On this site you will find clinical studies with cannabis or single
cannabinoids in different diseases and case reports on the use of cannabis by
You may search for diseases (indications), authors, medication, study design (controlled study, open trial, case report etc.) and other criteria.
|Title||Cannabinoid agonists attenuate capsaicin-induced responses in human skin.|
|Author(s)||Rukwied R, Watkinson A, McGlone F, Dvorak M.|
|Journal, Volume, Issue||Pain 2003;102(3):283-8.|
|Major outcome(s)||A topically applied cannabinoid receptor agonist (HU210) reduced pain caused by capsaicin|
The induction of hyperalgesia upon capsaicin administration requires activation of specific sub-classes of nociceptive afferent C-fibres providing nociceptive input to the central nervous system.It has been demonstrated in animal models that the endocannabinoid anandamide has anti-hyperalgesic properties upon capsaicin stimulation, albeit it also binds to vanilloid receptors. In the present study we topically administered the cannabinoid receptor ligand HU210 to human skin and investigated its effects on capsaicin-induced pain and hyperalgesia.We demonstrated that pre-treatment with HU210 significantly reduced the perception of pain following the administration of capsaicin. Heat pain thresholds were significantly reduced by capsaicin application measured 5 and 30min after administration. In contrast, at the HU210 pre-treated skin sites capsaicin failed to induce heat hyperalgesia during the fifth minute of administration. Secondary mechanical hyperalgesia to touch (allodynia) was measured during the fifth, 15th and 30th minute after capsaicin administration. In comparison to the ethanol control site, the area of touch-evoked allodynia was significantly reduced at the HU210 skin site during the first two measures. However, 30min after the administration of capsaicin no significant differences of allodynia were observed between the HU210 and ethanol pre-treated skin.The present study provided evidence for analgesic and anti-hyperalgesic properties of a topically applied cannabinoid receptor ligand, which might have important therapeutic implications in humans.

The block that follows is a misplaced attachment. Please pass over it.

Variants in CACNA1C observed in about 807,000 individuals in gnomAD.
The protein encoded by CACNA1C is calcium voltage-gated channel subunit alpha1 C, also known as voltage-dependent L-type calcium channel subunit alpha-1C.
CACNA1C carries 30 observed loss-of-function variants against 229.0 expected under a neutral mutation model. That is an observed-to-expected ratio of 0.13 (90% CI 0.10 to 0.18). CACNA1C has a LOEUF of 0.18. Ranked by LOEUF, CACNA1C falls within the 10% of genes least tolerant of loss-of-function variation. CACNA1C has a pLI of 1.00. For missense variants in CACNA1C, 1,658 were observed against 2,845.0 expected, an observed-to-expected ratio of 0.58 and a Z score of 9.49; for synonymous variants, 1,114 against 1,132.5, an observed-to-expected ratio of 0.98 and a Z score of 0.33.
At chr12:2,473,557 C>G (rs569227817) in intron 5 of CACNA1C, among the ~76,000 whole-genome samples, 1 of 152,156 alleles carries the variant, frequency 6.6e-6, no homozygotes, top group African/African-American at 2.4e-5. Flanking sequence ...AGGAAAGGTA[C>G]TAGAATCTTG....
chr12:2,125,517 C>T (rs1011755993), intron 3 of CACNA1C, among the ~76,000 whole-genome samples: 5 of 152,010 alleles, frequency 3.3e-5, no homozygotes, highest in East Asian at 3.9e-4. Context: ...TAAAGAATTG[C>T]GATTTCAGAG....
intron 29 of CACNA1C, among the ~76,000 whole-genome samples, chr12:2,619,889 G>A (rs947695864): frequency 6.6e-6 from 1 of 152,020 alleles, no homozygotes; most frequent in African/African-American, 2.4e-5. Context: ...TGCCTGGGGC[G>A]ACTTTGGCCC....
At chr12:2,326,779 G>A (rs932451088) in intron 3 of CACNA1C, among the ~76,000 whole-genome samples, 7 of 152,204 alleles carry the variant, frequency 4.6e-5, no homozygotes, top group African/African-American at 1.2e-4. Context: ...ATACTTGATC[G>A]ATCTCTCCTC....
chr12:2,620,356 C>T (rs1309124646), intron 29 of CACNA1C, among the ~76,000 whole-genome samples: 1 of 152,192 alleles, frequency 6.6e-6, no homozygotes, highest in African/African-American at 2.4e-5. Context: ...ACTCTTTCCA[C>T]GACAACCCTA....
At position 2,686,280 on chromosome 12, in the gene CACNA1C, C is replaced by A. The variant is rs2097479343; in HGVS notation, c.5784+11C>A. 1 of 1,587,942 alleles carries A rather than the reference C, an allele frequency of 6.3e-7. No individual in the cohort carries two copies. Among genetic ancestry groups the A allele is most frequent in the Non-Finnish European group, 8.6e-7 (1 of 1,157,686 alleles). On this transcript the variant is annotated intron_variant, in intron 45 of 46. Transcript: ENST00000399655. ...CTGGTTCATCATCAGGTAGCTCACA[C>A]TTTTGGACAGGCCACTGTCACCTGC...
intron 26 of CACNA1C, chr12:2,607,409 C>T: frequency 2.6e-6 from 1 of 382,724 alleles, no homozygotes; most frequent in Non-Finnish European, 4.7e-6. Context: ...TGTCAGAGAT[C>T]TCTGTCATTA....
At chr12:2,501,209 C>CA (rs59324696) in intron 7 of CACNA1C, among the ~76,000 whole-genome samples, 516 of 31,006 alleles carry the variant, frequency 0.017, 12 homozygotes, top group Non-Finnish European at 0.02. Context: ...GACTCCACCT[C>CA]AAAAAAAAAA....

|Type of publication||Medical journal|
|Address of author(s)||Unilever Research & Development Port Sunlight, DPC 3-1, Wirral CH63 3JW, UK. firstname.lastname@example.org|